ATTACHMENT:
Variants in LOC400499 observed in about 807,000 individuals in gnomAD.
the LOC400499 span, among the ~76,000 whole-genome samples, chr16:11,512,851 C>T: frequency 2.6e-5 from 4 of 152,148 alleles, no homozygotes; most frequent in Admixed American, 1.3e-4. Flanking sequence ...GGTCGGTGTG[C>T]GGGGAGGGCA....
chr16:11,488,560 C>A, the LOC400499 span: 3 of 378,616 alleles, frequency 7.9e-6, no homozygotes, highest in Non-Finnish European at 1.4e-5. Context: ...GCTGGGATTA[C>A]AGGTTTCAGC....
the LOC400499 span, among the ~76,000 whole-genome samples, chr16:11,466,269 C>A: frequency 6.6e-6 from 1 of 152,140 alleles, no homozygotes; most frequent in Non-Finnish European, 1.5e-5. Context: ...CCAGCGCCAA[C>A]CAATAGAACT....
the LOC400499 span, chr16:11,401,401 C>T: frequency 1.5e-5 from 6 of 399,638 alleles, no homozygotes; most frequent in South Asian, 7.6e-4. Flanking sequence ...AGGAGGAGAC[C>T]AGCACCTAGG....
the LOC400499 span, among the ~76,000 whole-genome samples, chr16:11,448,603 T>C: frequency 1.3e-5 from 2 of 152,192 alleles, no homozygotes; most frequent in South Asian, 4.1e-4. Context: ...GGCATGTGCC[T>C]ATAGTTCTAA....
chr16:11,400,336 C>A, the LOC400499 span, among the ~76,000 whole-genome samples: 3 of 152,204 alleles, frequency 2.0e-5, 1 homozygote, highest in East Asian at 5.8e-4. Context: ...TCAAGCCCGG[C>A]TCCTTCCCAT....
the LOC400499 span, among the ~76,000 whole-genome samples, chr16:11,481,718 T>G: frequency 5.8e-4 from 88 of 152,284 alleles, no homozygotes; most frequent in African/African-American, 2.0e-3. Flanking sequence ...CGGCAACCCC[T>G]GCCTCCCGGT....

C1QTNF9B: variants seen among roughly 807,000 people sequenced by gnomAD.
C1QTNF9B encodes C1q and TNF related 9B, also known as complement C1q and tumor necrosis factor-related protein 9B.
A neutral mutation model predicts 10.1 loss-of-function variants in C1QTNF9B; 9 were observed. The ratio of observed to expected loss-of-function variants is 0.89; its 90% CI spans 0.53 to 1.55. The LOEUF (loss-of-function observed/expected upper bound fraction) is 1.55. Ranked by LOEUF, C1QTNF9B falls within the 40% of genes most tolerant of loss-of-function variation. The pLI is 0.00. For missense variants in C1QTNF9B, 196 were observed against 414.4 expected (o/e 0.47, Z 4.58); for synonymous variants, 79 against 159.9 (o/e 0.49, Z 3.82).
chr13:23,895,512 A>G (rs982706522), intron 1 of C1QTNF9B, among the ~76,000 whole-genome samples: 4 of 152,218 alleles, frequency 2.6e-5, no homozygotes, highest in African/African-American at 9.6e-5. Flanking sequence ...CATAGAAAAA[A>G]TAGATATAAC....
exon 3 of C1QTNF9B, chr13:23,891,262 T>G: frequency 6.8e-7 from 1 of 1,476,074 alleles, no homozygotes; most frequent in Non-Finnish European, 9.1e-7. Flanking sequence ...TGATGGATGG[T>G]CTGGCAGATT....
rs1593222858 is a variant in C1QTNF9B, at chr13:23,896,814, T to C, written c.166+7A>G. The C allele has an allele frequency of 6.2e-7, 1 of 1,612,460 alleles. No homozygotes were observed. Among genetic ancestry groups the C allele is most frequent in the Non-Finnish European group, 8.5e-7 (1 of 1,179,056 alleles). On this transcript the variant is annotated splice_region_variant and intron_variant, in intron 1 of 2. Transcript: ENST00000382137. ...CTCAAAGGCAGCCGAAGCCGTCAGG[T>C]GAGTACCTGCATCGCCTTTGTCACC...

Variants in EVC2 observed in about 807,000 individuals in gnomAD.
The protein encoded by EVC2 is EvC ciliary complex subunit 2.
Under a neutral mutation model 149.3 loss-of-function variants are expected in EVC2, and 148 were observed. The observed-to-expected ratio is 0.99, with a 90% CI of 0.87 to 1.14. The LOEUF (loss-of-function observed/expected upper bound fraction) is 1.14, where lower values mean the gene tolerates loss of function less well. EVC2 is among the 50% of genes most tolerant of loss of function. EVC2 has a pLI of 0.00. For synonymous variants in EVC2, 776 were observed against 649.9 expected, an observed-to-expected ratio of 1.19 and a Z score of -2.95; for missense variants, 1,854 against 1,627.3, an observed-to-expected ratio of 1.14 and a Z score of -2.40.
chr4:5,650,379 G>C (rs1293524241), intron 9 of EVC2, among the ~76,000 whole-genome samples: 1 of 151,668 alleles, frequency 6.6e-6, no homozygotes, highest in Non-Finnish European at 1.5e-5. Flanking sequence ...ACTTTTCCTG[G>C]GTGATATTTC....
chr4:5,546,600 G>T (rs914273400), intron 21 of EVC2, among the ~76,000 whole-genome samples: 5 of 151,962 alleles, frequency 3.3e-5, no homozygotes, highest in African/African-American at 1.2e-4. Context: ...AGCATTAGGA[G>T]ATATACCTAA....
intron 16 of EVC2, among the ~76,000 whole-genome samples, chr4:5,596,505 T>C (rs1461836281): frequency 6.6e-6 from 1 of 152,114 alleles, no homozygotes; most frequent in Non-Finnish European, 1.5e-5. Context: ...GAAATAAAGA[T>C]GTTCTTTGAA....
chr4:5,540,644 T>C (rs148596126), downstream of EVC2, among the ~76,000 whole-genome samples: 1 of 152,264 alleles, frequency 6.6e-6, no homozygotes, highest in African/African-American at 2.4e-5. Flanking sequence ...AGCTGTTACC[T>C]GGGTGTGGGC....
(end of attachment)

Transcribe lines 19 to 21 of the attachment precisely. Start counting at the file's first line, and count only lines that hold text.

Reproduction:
chr4:5,546,600 G>T (rs914273400), intron 21 of EVC2, among the ~76,000 whole-genome samples: 5 of 151,962 alleles, frequency 3.3e-5, no homozygotes, highest in African/African-American at 1.2e-4. Context: ...AGCATTAGGA[G>T]ATATACCTAA....
intron 16 of EVC2, among the ~76,000 whole-genome samples, chr4:5,596,505 T>C (rs1461836281): frequency 6.6e-6 from 1 of 152,114 alleles, no homozygotes; most frequent in Non-Finnish European, 1.5e-5. Context: ...GAAATAAAGA[T>C]GTTCTTTGAA....
chr4:5,540,644 T>C (rs148596126), downstream of EVC2, among the ~76,000 whole-genome samples: 1 of 152,264 alleles, frequency 6.6e-6, no homozygotes, highest in African/African-American at 2.4e-5. Flanking sequence ...AGCTGTTACC[T>C]GGGTGTGGGC....